Republican state House speaker arrested in connection to $60 million bribery scheme
The Republican speaker of Ohio's House of Representatives was arrested by federal officials Tuesday on charges connected to a $60 million bribery scheme.
Larry Householder and four other political operatives were charged with racketeering in what US Attorney David DeVillers described as "likely the largest bribery money laundering scheme ever perpetrated against the people of the state of Ohio."
"Make no mistake, these allegations are bribery. Pure and simple," DeVillers said in a news conference. "This was pay-to-play. I use the term pay-to-play because that's the term they've used as alleged in the affidavit."
A criminal complaint filed on Thursday and unsealed on Tuesday specifically alleges that Householder and four others orchestrated an operation to accept over $60 million dollars from "Company A" in return for a public bailout for the company worth more than $1 billion.
While the complaint does not name "Company A," prosecutors indicate at numerous points that the company is FirstEnergy Corp. --including citations to news articles that mention the company by name.
The company told CNN in a statement Tuesday they have "received subpoenas in connection" with the investigation.
"We are reviewing the details of the investigation and we intend to fully cooperate," FirstEnergy Corp. said.
CNN has reached out to Householder's office for comment.
Extensive racketeering conspiracy
The charges against Householder were laid out in an extensive complaint that detailed a broad criminal operation involving wire fraud, receipt of millions of dollars in bribes and money laundering.
Householder -- along with four associates- took in millions of dollars from FirstEnergy Corp. in exchange for help in passing House Bill 6, a billion-dollar bailout that saved two nuclear power plants operated by the company.
Prosecutors allege the scheme started when one of the associates incorporated "Generation Now" as a social welfare entity in 2017. It was secretly controlled by Householder, who received quarterly payments of $250,000 into the bank account of the entity, according to prosecutors.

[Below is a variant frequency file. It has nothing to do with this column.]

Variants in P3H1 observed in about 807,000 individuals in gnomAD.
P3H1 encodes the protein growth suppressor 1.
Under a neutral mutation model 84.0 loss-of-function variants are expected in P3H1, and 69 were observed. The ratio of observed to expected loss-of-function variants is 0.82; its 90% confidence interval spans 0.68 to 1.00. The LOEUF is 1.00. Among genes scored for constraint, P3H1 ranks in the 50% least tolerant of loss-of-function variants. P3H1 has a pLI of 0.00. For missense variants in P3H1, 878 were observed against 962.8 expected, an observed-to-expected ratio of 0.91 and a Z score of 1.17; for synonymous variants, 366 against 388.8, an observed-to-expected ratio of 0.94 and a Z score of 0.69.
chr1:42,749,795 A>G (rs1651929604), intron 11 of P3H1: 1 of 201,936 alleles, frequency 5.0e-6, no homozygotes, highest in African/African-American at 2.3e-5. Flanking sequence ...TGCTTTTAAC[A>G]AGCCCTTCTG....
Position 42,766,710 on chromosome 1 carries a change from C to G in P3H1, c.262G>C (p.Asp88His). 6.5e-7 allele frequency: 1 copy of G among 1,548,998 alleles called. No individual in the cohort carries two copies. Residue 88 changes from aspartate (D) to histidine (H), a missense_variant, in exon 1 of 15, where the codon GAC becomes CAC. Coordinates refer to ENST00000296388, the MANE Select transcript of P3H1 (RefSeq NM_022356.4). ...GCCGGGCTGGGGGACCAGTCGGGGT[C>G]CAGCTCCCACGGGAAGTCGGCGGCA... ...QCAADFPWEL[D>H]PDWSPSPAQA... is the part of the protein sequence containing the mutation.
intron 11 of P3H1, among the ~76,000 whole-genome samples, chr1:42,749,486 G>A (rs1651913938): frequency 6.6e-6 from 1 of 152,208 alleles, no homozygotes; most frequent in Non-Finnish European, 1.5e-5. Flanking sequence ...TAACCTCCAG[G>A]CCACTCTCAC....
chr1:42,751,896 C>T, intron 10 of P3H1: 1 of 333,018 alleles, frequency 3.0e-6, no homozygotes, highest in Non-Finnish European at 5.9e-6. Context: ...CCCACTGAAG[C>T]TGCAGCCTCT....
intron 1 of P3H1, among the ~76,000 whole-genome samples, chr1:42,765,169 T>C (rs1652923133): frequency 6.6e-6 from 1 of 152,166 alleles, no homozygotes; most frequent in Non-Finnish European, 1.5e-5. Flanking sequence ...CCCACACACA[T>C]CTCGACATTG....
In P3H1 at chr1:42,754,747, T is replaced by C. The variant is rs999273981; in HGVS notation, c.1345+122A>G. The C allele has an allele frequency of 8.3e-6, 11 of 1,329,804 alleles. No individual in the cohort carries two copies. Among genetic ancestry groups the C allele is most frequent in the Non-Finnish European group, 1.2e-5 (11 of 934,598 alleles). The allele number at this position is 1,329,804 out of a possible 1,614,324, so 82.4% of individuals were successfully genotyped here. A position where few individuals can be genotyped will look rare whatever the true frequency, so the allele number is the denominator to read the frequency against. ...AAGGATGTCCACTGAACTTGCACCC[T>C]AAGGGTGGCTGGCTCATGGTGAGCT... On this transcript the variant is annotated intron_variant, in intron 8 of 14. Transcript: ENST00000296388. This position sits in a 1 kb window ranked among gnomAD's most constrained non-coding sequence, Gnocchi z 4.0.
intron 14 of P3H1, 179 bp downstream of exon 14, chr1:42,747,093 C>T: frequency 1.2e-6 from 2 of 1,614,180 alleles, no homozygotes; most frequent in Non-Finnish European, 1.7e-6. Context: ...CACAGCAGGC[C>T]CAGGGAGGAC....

The defendants then spent large sums of money on Householder's bid to become speaker and for their own personal gain.
In all, Householder received more than $400,000 in personal benefits as a result of the payments into "Generation Now," the Department of Justice said in a news release. These funds were used to pay for costs associated with his residence in Florida, settle a personal lawsuit and pay off thousands of dollars of credit card debt.
"All forms of public corruption are unacceptable," FBI Cincinnati Special Agent in Charge Chris Hoffman said in a statement.
"When the corruption is alleged to reach some of the highest levels of our state government, the citizens of Ohio should be shocked and appalled."
News of the charges was met with swift condemnation Tuesday, with many political figures in the state calling on Householder to resign from his post.
"I am deeply concerned about the allegations of wrongdoing issued today by the U.S. Attorney's Office. Every American has the presumption of innocence until proven guilty," Republican Ohio Gov. Mike DeWine tweeted.
"Because of the nature of these charges, it will be impossible for Speaker Householder to effectively lead the Ohio House of Representatives; therefore, I am calling on Speaker Householder to resign immediately," he continued. "This is a sad day for Ohio."
That message was echoed by Ohio Secretary of State Frank Larose who tweeted, "There is important work for the state legislature to do on behalf of the people of Ohio. That work can't get done with the Speaker under arrest in an ongoing federal investigation."
"@HouseholderOH, do the right thing for the people of our state and resign today," he said.
Ohio Republican Party Chairwoman Jane Timken similarly cast the charges as cause for Householder to resign.
"Greed, lust for power, and disdain for ethical boundaries are not unique to any particular political party," Timken said in a statement.
"If our country is going to endure these difficult and divisive times, we must unite in the notion that people who break the law should be held accountable."
Householder's district includes parts of the state east of Columbus. He was first elected to the state House in 1996 and served until 2004, when he left office due to term limits, according to his official biography, which says he had also served as House speaker during that time. He was elected back to the chamber in 2017.
By Devan Cole, Laurie Ure and Paul LeBlanc, CNN via The-CNN-Wire™ & © 2020 Cable News Network, Inc., a WarnerMedia Company. All rights reserved.
The Gayly. 7/21/2020 @ 5:49 p.m. CST.